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Cheese is one of the best things about life. It pairs excellently with wine, it transforms a bowl of plain tortilla chips into delicious nachos, and it is something interesting to add to something less appealing (lookin’ at you broccoli). It even comes in non-dairy forms for those of us afflicted with an unfortunate dairy intolerance. But when your cat is literally sniffing around your charcuterie board, think twice before breaking out the brie.
While some cheeses — hello, cheddar — are safe for cats in moderation, others could cause health issues, including serious tummy troubles. Sharing an occasional bite of swiss from your sandwich or tucking a pill into a cube of cheddar is probably not a big deal, but you should never let your cat devour the leftovers after happy hour.
Why Shouldn’t Cats Eat Cheese?
“Some cats seem to tolerate more lactose in the diet than other cats,” says Dr. Maryanne Murphy, a clinical assistant professor of nutrition at the University of Tennessee. “It is okay to give most cats a small volume of dairy products like cheese, but sticking to a small amount is best because a higher quantity is more likely to risk negative gastrointestinal effects.”
Cats are obligate carnivores who need protein for optimal health. Cheese might be high in protein — an ounce of cheddar contains seven grams — but cheese (and other dairy products) were not meant to be the main source of protein in the feline food plan. Dr. Murphy notes that cats lack lactase, the enzyme needed to break down lactose in dairy products, making it hard for them to digest the delicious muenster or gouda. That’s why eating cheese can cause them to experience symptoms like gas, diarrhea, and vomiting.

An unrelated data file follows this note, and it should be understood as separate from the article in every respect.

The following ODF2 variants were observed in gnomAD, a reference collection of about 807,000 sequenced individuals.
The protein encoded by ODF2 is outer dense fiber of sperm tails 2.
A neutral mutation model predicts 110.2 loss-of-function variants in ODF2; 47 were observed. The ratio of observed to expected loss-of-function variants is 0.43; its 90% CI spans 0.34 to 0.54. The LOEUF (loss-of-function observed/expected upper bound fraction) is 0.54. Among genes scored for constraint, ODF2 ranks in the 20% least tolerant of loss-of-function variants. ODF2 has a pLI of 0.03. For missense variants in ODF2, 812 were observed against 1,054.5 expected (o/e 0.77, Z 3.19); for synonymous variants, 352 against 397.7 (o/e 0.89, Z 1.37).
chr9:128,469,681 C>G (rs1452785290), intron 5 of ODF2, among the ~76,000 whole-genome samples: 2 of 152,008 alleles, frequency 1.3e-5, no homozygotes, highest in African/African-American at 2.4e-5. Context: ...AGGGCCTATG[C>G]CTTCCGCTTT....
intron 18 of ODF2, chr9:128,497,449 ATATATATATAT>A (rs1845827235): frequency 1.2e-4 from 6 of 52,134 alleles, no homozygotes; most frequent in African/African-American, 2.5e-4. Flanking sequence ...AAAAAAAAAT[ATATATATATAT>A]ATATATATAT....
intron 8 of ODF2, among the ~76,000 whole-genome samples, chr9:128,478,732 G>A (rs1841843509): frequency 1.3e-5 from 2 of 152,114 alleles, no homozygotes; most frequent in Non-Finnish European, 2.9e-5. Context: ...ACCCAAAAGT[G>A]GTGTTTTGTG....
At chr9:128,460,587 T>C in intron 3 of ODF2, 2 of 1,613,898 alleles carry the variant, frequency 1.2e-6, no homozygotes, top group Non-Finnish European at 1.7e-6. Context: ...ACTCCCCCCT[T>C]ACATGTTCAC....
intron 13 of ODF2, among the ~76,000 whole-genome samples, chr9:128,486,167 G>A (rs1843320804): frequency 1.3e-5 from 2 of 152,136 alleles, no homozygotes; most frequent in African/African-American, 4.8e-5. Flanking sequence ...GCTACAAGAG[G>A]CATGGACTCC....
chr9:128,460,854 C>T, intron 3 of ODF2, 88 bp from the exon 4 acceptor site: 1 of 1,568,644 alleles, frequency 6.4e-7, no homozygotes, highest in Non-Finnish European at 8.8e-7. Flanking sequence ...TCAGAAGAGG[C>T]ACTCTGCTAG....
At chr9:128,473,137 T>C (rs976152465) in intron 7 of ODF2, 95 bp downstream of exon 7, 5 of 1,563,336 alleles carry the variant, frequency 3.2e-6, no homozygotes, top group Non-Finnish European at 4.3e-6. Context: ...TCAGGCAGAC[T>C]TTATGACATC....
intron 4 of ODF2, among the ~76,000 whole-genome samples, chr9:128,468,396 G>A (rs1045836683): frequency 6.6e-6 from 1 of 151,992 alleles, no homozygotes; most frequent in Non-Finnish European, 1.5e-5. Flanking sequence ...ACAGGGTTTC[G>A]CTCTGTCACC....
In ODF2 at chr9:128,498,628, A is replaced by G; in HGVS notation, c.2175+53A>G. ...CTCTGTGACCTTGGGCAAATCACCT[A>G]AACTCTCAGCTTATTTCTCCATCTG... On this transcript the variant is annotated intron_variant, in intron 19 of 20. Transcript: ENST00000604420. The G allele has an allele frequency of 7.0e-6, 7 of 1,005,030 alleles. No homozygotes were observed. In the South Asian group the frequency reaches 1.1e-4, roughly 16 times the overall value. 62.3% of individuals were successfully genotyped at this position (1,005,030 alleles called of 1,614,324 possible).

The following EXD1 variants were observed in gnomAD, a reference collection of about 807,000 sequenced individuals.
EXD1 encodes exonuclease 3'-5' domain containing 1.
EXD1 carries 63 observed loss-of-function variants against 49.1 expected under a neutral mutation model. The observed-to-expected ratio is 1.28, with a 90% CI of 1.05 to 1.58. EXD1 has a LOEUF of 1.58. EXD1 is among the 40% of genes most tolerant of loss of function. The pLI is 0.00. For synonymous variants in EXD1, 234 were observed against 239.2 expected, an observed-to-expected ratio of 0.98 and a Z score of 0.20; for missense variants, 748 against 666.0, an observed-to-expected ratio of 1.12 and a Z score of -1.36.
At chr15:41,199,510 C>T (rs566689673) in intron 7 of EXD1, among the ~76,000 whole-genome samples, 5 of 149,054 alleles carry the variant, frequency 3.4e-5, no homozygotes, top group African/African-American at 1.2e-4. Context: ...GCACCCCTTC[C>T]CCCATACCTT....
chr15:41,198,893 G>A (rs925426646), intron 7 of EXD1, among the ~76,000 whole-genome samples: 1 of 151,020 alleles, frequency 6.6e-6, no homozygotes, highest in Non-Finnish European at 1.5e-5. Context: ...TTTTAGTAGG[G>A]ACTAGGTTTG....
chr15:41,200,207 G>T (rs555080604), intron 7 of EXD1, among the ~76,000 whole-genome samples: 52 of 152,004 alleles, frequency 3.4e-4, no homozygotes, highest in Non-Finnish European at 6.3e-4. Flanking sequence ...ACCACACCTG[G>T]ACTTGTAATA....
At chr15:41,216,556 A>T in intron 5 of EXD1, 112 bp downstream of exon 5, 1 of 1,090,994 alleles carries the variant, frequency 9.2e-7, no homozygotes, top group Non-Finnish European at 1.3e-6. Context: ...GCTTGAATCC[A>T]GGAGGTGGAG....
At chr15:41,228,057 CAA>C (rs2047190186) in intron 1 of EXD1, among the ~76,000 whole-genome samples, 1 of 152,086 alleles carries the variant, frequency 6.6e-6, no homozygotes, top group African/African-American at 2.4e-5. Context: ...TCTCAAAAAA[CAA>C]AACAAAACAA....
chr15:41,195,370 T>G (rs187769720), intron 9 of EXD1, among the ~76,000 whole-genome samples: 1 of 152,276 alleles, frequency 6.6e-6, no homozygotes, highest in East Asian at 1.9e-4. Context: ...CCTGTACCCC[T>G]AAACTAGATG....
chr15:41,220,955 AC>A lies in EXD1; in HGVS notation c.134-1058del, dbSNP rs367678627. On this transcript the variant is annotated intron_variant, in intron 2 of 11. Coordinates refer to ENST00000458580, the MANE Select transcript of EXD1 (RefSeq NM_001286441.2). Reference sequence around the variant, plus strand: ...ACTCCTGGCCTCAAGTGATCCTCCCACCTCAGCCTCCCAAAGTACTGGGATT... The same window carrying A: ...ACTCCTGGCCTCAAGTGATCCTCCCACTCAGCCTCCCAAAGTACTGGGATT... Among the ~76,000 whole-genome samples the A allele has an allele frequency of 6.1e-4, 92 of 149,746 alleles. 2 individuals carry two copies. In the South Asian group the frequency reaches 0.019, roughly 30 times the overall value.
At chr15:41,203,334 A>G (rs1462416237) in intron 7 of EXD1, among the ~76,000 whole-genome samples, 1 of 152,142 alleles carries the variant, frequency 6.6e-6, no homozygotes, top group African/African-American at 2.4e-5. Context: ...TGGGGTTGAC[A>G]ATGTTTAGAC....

Cheese (and other products containing lactose) could also interfere with your cat’s ability to digest protein. Plus, cheese is high in fat, which could cause your feline friend to pack on the pounds, increasing their risk of diabetes, pancreatitis, liver disease, and arthritis.
Are Certain Cheeses Safer Than Others?
Swiss and cheddar cheese are lower in lactose than other cheese, which makes them the safest options for cats. Skip the soft cheeses, such as mozzarella, cottage cheese, and cream cheese, which contain higher levels of lactose. There’s an extensive “no” list when it comes to cats and cheese.
Never offer brie and camembert or other cheeses made with raw milk because it increases the risk of pathogens including salmonella and listeria. Blue cheese contains mold, which can be toxic to cats. Non-dairy cheeses may not contain the lactose that causes tummy upset but vegan cheese are still high in fat and salt, which are not a part of a healthy diet for cats.
How to Add Cheese to Your Cat’s Diet
A few bites of cheese isn’t cause for alarm, but call your veterinarian if your cat devours a cheese pizza or noshes on any cheeses on the “no” list.
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Jodi Helmer is a North Carolina-based freelance writer who shares her home with an embarrassing number of rescue dogs and relies on four feral cats to patrol the barn. When she isn’t refilling food and water dishes, Jodi writes about animals for Scientific American, Sierra, WebMD, AKC Family Dog, Living the Country Life, and Out Here.